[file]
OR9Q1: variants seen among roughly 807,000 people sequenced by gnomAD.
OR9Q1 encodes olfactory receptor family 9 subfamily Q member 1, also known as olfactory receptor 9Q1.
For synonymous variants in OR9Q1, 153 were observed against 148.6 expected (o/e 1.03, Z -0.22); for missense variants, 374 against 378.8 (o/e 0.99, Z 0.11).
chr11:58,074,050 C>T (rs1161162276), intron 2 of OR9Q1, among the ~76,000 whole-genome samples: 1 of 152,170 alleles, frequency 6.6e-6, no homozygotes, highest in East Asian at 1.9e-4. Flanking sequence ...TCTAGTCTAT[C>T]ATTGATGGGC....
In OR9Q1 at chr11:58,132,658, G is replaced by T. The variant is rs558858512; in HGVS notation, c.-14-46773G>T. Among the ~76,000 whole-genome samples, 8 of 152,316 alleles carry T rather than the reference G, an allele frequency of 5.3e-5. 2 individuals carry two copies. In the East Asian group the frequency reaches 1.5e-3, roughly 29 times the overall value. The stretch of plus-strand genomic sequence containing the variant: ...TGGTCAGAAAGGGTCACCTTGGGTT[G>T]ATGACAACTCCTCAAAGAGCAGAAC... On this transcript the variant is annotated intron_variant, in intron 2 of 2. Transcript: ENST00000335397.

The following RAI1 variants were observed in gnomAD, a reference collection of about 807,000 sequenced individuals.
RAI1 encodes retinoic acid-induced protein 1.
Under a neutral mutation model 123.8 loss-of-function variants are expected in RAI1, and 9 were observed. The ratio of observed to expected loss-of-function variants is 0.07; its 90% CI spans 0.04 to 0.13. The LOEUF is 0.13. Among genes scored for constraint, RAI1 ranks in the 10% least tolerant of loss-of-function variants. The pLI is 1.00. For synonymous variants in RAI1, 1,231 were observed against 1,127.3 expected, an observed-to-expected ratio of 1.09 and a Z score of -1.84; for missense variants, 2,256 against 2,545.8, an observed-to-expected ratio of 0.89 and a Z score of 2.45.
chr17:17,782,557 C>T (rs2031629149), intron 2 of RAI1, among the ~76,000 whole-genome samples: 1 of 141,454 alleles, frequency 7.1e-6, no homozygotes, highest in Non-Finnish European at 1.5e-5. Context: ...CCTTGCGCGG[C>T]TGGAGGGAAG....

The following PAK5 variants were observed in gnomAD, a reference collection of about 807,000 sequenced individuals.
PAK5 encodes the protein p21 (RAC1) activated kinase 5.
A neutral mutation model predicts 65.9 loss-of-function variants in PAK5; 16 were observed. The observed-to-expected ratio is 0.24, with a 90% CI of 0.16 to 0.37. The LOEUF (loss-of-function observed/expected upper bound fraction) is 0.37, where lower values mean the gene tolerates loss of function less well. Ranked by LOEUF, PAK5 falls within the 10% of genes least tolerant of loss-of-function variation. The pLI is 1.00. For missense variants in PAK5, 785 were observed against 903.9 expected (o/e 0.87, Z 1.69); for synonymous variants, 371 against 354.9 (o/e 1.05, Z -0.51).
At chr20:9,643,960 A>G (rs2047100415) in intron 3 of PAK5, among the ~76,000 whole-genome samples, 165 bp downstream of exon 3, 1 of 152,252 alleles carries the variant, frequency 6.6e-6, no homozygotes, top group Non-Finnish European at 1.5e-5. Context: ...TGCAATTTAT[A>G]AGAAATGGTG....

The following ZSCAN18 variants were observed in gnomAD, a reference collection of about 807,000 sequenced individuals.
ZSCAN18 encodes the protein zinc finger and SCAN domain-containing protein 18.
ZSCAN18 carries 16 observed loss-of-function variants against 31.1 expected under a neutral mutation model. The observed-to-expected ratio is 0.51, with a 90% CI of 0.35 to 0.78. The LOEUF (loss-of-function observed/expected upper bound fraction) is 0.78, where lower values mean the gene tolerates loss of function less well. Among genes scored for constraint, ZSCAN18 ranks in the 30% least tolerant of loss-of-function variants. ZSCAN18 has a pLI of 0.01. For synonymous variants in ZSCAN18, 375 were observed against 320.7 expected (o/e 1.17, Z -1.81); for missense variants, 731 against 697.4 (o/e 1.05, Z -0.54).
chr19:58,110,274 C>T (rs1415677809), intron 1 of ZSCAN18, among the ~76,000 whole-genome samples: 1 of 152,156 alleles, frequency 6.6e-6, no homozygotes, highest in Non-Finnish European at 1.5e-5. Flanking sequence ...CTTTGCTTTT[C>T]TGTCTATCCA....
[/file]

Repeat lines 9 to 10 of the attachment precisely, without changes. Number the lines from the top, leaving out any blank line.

chr17:17,782,557 C>T (rs2031629149), intron 2 of RAI1, among the ~76,000 whole-genome samples: 1 of 141,454 alleles, frequency 7.1e-6, no homozygotes, highest in Non-Finnish European at 1.5e-5. Context: ...CCTTGCGCGG[C>T]TGGAGGGAAG....

The following PAK5 variants were observed in gnomAD, a reference collection of about 807,000 sequenced individuals.